Commercial real estate bank Aareal Bank has told Activist Insight Online it is discussing executive remuneration with shareholders, after it received criticism from activist investor Petrus Advisers.

Petrus, a fund led by Till Hufnagel and Klaus Umek, lambasted the company’s top echelon for being overpaid for poor performance, noting that the management team took home between 12 million and 19 million euros per year between 2015 and 2019. The criticism is part of a campaign by Petrus to cut costs and double the bank’s return on equity from around 5.7% in 2019.


An Aareal spokesperson told Activist Insight Online that the remuneration system is being reviewed by regulators on an ongoing basis and was a topic for discussion “during corporate governance roadshows for investors.” As part of that exercise, Aareal said it will put the system to a shareholder vote in 2021, which is likely to take place in May. “In this context, the supervisory board has maintained an ongoing dialogue with investors, and will continue to do so,” Aareal said.

Starting in 2021, all German companies will be obliged to have votes on their remuneration report each year and remuneration policy every four years, as per a European Union shareholder rights directive. A vote on the remuneration report will not be mandatory until 2022. Unlike the U.K., German companies previously had no obligation to put their remuneration reports to a shareholder vote each year. Typically, a remuneration committee of the supervisory board makes these decisions, including whether and when to put these pay structures to a shareholder vote.

Petrus does not appear to have a problem with the structure of the executive pay, but rather with the amount of fixed salaries and bonuses, as well as the size of the management team. “The system as such isn’t bad, it is the actual amounts,” Hufnagel told Activist Insight Online.

Aareal explained that “the remuneration system as a whole” will be subjected to a shareholder vote next year, but “not the specific amounts.”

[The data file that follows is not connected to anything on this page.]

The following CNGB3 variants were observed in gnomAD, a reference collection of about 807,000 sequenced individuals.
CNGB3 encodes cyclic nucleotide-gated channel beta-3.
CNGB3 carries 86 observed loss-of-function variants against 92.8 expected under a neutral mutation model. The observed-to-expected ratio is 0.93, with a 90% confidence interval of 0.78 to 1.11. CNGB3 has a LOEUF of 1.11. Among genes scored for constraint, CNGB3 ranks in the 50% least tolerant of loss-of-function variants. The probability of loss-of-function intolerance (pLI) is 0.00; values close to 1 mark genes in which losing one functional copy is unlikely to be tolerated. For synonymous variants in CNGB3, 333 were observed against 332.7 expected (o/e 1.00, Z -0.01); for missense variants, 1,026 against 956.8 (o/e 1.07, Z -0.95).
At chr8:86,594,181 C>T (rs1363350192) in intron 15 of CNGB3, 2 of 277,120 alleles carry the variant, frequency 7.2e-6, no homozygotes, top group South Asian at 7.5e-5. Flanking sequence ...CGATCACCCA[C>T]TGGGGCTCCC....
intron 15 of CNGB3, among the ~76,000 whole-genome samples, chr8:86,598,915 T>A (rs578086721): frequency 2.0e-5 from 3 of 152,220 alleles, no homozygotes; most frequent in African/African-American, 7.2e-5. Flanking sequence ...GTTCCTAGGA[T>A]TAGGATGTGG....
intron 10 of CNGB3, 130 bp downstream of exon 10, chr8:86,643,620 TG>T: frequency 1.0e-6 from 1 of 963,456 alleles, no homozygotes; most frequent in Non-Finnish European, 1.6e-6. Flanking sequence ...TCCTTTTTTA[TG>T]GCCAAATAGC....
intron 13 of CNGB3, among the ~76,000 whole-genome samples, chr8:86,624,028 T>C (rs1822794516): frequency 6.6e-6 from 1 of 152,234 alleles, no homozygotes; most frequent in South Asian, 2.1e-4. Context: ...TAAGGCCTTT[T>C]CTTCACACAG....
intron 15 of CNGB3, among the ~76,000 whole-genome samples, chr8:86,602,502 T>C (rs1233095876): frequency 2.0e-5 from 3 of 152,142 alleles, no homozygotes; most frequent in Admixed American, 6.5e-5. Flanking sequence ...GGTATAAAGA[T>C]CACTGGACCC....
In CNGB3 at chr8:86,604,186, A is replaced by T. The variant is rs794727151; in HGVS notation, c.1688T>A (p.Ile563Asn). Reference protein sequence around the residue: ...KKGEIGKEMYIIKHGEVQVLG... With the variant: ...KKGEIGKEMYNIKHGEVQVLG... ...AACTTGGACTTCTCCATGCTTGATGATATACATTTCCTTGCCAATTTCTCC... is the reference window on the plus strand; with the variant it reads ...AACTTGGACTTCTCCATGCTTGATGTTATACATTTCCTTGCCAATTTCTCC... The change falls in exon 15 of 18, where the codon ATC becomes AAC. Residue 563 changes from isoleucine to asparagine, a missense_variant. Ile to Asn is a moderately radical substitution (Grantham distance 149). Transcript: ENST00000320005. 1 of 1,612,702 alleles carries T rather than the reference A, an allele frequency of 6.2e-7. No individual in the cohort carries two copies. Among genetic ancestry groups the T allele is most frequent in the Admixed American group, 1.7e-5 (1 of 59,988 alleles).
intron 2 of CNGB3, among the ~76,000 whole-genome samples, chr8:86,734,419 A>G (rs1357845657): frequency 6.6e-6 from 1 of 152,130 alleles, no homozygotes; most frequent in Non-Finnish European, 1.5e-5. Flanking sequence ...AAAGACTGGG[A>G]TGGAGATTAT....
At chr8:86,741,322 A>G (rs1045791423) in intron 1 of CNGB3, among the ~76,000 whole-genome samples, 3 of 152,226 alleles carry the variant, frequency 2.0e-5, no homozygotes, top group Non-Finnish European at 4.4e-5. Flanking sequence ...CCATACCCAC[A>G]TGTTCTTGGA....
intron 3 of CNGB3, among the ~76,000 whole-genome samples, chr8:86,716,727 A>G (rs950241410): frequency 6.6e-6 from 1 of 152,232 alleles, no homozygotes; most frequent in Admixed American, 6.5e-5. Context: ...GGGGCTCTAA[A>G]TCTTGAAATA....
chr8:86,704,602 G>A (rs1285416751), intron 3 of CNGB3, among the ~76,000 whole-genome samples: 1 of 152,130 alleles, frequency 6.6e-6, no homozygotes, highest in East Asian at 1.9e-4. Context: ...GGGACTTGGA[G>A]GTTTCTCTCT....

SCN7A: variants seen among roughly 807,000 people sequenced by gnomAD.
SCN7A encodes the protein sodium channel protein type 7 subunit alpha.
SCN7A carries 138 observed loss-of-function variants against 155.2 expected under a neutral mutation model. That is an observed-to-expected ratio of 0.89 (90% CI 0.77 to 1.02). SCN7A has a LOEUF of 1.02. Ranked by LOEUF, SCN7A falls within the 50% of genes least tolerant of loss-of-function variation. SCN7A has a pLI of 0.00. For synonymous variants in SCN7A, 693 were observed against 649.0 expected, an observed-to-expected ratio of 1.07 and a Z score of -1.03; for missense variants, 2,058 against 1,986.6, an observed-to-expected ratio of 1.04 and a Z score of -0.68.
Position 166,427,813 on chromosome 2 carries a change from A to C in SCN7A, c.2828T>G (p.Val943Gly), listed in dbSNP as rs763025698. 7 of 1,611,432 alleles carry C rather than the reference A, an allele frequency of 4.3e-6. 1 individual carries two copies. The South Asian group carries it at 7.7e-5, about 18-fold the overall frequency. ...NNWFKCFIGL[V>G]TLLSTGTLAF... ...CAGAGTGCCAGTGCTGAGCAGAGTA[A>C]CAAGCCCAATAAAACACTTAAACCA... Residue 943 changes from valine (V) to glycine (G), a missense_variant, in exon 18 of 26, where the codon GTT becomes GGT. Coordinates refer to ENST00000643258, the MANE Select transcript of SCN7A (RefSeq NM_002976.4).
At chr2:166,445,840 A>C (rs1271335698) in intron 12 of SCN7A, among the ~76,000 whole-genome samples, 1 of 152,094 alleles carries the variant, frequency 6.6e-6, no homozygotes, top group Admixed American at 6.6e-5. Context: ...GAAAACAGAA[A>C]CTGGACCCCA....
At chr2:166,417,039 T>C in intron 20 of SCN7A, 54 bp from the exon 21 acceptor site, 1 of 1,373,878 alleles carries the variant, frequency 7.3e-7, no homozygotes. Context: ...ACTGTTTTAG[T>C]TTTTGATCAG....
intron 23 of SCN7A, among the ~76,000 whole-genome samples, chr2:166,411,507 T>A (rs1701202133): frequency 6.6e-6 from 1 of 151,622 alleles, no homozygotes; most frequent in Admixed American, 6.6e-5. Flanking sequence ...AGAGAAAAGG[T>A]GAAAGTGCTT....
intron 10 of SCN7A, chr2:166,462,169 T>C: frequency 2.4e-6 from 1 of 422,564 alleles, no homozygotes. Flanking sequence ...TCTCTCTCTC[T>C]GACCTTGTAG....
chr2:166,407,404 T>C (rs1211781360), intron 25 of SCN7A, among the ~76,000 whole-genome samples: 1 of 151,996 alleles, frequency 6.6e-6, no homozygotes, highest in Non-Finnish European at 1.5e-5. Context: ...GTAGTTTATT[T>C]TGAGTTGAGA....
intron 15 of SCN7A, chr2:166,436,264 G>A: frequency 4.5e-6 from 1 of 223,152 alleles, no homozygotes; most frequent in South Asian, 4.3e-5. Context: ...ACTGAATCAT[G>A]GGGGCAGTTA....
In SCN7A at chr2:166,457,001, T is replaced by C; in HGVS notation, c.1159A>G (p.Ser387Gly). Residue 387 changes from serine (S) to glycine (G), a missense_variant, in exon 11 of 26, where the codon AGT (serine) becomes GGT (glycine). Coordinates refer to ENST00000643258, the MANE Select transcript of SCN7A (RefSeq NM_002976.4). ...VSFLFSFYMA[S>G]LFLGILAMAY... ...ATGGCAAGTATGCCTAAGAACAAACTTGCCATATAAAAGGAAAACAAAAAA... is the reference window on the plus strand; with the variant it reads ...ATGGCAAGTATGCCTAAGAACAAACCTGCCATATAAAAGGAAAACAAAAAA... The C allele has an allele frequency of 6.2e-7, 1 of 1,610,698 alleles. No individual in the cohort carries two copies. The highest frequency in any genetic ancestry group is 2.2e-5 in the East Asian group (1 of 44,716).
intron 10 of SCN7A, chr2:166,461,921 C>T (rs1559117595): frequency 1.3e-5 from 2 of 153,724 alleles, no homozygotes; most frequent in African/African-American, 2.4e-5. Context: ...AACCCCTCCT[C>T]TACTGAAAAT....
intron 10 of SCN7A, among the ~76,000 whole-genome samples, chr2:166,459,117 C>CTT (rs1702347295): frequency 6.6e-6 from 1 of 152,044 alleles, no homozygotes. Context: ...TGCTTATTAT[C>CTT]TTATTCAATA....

It is unclear what other shareholders think of Petrus’ campaign. Deka Investment, a 10% shareholder, and Teleios, which owns 5%, declined to comment when approached by Activist Insight Online. Hufnagel said he has been in contact with shareholders and believes they agree with him. “I would be very surprised if any of the shareholders would agree that the management team should be paid 19 million euros,” Hufnagel said.

Dr. Alexander Juschus, a managing partner at Governance & Values, which advises institutional investors, said the pay is indeed a bit steep. Fixed pay for management team members is 45% of total pay, which Juschus said is unusual for Germany, where fixed pay sits at between 25% and 35%. Marija Korsch, the supervisory board chair, received 300,000 euros – three times higher than most regular board members. Usually the chair gets twice as much in Germany, according to Juschus.

Long-time engagement

Hufnagel said Petrus started engaging with Aareal behind the scenes four years ago, when it realized that the company was a commercial real estate bank that also owned a promising software business in Aareon, which provides software solutions for housing management, including customer relationship management, document management and payment services. “We struggled to understand why would a bank own a software business,” Hufnagel said.

In 2019, the opportunity was also seen by fellow activist Teleios Capital, which built a stake and then moved to push the company to sell its software business. Petrus stayed on the sidelines but behind the scenes it expressed its desire for a spinoff of the software unit, contending that there is huge upside for the unit on a standalone basis.

Aareal eventually reached a compromise with both Teleios and Petrus by agreeing to sell a 30% stake in Aareon to private equity firm Advent International for 260 million euros this summer. Hufnagel said he begrudgingly agreed to support the deal with Advent, after the company convinced him that the business is not ready to operate as a separate entity. Yet the activist believes that eventually Aareal should spin off Aareon, arguing the firm could be worth between 2 and 3 billion euros and “hence more than the banking part of Aareal – making a separation a very natural process.”

Hufnagel sees value in both banking and software. He believes the company’s expertise in commercial real estate is a good asset, but the return on equity needs to be improved.

The bank’s poor return on equity is partly due to high cash balances by the European Central Bank (ECB) in light of the coronavirus pandemic. In April, it scrapped the 2019 and 2020 dividend to comply with ECB guidance but said it will resume the payout once the central bank eases the restrictions.

However, Hufnagel says more needs to be done. “Our message was not pay us the dividend and everything is fine. Our message was even if you are allowed to pay the dividend, you would still haven’t fixed the problem in terms of ROE.”